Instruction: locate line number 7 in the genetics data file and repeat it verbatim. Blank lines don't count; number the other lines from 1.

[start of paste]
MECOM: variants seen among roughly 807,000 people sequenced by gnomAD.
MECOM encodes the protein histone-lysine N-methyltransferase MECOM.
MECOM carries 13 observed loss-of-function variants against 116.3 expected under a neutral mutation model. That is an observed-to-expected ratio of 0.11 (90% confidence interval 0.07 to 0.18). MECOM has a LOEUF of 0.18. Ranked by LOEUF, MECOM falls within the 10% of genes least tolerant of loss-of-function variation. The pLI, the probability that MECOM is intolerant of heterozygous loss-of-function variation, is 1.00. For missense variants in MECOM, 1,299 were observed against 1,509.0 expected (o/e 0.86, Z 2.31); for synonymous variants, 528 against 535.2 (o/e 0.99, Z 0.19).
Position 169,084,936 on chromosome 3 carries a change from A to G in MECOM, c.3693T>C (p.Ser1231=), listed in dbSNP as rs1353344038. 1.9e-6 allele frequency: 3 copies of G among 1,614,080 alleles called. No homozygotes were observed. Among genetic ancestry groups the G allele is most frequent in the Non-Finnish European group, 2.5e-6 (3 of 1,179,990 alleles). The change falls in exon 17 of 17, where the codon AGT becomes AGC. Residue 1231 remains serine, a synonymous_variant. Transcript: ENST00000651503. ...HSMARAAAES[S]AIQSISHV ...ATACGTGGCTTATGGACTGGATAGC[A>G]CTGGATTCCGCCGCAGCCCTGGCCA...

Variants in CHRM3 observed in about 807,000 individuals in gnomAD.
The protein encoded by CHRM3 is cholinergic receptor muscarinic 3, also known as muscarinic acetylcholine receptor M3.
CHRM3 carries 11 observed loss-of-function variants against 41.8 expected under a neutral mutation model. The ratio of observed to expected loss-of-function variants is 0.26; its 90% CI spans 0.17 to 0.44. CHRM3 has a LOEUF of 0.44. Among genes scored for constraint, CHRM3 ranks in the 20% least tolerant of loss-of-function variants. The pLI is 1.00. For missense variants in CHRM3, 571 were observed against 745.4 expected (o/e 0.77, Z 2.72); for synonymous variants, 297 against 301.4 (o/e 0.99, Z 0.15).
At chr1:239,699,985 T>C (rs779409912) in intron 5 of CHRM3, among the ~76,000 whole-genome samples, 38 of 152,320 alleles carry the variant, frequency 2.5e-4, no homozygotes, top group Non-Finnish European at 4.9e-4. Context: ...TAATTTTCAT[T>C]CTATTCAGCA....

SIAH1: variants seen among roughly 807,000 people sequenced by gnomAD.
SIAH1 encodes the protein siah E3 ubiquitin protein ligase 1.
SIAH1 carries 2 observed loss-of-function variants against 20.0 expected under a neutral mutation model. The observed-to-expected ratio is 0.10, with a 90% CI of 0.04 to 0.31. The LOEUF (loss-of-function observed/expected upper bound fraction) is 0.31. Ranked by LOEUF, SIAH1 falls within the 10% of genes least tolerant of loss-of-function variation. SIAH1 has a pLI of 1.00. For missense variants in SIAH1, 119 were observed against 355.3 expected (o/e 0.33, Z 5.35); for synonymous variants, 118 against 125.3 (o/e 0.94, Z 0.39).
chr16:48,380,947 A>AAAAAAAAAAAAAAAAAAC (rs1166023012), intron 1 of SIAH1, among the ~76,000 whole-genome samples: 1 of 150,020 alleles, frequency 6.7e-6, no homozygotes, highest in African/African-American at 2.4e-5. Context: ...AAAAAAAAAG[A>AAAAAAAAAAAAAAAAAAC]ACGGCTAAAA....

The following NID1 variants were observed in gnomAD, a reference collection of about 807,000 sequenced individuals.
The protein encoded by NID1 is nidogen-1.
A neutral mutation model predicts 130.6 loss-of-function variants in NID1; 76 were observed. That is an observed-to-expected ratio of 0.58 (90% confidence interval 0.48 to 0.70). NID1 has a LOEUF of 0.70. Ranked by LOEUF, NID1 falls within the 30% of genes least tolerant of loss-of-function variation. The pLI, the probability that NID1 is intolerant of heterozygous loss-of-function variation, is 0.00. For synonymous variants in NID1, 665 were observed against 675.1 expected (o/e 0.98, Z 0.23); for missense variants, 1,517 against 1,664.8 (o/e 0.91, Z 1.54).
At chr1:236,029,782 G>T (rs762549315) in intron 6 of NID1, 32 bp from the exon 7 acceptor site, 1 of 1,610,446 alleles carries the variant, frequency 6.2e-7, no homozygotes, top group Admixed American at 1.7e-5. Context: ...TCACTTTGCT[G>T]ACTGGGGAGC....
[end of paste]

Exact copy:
CHRM3 carries 11 observed loss-of-function variants against 41.8 expected under a neutral mutation model. The ratio of observed to expected loss-of-function variants is 0.26; its 90% CI spans 0.17 to 0.44. CHRM3 has a LOEUF of 0.44. Among genes scored for constraint, CHRM3 ranks in the 20% least tolerant of loss-of-function variants. The pLI is 1.00. For missense variants in CHRM3, 571 were observed against 745.4 expected (o/e 0.77, Z 2.72); for synonymous variants, 297 against 301.4 (o/e 0.99, Z 0.15).